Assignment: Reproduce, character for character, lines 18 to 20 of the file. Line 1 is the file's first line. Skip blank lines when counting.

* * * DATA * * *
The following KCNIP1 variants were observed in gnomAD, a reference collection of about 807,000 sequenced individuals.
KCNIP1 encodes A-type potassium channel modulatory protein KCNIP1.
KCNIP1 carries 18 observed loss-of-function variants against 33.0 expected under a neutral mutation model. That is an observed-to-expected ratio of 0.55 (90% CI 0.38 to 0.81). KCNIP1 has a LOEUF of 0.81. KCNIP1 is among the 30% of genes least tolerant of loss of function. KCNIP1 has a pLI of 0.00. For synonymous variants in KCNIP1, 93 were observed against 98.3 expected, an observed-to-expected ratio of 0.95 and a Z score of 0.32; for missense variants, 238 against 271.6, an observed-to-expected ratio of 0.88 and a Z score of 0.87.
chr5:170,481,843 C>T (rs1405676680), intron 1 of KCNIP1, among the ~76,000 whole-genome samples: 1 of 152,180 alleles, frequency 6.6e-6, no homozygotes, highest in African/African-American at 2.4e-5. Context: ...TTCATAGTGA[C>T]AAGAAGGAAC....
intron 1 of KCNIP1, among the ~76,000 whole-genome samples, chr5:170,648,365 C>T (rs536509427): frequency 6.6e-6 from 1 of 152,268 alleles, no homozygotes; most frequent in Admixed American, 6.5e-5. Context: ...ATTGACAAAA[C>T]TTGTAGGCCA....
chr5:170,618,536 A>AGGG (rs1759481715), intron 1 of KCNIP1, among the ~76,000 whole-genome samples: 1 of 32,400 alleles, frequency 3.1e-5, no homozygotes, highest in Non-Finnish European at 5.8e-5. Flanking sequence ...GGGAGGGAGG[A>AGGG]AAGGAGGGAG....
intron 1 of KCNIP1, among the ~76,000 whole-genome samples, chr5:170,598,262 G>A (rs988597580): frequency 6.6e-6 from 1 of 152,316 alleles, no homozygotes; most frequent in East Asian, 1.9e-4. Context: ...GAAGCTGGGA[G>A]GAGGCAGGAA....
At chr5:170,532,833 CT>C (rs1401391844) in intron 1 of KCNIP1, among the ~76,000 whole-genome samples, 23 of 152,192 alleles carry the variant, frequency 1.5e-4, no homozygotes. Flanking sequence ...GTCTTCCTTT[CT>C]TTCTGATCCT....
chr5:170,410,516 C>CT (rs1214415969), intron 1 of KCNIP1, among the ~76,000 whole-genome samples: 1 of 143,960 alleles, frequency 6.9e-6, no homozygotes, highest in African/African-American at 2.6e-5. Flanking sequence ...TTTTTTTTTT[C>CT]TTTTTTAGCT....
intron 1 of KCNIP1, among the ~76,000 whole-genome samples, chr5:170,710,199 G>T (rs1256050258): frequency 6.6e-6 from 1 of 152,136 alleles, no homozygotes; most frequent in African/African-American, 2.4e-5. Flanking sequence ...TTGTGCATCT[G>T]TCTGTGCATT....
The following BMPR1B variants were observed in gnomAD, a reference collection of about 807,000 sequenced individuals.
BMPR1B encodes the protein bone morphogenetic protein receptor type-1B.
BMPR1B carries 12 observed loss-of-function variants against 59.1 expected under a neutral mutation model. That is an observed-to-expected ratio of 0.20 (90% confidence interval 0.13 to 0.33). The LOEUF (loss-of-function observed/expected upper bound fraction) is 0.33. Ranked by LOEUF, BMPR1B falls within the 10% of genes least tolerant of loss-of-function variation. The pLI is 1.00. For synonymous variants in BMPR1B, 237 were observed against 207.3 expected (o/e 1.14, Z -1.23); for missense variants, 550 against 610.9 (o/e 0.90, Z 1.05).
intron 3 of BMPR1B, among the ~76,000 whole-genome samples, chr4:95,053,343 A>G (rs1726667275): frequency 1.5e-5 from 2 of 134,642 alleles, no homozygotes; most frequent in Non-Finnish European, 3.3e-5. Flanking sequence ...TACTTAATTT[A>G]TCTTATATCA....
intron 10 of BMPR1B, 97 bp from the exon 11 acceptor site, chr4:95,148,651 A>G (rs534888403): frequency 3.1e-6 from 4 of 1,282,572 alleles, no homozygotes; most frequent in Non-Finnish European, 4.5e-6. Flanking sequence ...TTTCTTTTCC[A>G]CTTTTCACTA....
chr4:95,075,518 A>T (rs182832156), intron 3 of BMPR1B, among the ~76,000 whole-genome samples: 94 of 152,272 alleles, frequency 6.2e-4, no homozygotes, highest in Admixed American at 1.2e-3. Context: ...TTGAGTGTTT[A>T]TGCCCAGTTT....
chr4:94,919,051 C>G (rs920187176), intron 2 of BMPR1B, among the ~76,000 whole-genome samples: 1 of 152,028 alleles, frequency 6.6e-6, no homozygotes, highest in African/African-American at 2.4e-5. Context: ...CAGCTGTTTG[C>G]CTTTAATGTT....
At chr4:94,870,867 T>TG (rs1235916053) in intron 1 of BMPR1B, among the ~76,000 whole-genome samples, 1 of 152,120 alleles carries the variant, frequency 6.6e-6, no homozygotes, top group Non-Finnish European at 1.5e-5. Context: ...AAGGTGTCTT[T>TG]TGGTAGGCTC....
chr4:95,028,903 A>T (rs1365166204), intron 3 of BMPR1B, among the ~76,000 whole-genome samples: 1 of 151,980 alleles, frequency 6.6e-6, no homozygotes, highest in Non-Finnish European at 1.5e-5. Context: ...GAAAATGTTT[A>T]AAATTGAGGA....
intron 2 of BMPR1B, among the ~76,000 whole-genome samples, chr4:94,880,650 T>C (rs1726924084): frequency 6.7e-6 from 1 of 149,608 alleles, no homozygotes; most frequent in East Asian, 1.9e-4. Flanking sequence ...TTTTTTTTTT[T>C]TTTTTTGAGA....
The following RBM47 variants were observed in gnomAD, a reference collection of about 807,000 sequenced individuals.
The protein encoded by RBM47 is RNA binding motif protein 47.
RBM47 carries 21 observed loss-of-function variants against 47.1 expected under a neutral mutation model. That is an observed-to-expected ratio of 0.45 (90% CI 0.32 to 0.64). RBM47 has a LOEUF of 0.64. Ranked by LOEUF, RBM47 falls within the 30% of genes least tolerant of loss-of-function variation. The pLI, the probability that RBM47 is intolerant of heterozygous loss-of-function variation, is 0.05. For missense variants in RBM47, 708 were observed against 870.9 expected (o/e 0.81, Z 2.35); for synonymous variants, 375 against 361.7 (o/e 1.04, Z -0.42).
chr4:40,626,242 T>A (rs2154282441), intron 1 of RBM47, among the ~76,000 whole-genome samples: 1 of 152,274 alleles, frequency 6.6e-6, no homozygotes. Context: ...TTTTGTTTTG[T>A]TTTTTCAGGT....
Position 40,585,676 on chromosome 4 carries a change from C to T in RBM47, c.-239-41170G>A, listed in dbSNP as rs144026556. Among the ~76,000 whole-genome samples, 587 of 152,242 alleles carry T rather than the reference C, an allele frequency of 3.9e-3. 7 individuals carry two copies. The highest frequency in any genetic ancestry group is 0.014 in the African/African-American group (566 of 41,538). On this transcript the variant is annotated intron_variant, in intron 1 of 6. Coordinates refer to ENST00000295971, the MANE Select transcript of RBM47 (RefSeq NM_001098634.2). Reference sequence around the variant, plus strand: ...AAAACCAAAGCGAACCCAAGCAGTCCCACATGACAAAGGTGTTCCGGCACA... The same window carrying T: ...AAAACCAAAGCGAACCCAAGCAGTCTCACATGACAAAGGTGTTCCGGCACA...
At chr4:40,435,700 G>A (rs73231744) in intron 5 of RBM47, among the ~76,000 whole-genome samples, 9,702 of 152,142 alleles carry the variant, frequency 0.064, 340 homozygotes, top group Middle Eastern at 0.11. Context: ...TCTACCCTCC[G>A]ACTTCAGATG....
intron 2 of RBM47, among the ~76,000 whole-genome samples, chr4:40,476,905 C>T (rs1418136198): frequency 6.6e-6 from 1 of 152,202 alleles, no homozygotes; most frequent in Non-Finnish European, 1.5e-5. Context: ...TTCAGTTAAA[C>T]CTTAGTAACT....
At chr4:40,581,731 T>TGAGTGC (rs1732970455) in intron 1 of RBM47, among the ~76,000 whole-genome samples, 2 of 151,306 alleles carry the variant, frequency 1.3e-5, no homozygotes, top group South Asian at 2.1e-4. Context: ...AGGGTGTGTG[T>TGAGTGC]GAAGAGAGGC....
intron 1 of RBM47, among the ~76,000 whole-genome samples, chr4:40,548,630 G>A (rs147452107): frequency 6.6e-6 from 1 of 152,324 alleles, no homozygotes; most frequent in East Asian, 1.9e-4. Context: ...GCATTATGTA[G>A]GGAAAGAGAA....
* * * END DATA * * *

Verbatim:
At chr4:94,870,867 T>TG (rs1235916053) in intron 1 of BMPR1B, among the ~76,000 whole-genome samples, 1 of 152,120 alleles carries the variant, frequency 6.6e-6, no homozygotes, top group Non-Finnish European at 1.5e-5. Context: ...AAGGTGTCTT[T>TG]TGGTAGGCTC....
chr4:95,028,903 A>T (rs1365166204), intron 3 of BMPR1B, among the ~76,000 whole-genome samples: 1 of 151,980 alleles, frequency 6.6e-6, no homozygotes, highest in Non-Finnish European at 1.5e-5. Context: ...GAAAATGTTT[A>T]AAATTGAGGA....
intron 2 of BMPR1B, among the ~76,000 whole-genome samples, chr4:94,880,650 T>C (rs1726924084): frequency 6.7e-6 from 1 of 149,608 alleles, no homozygotes; most frequent in East Asian, 1.9e-4. Flanking sequence ...TTTTTTTTTT[T>C]TTTTTTGAGA....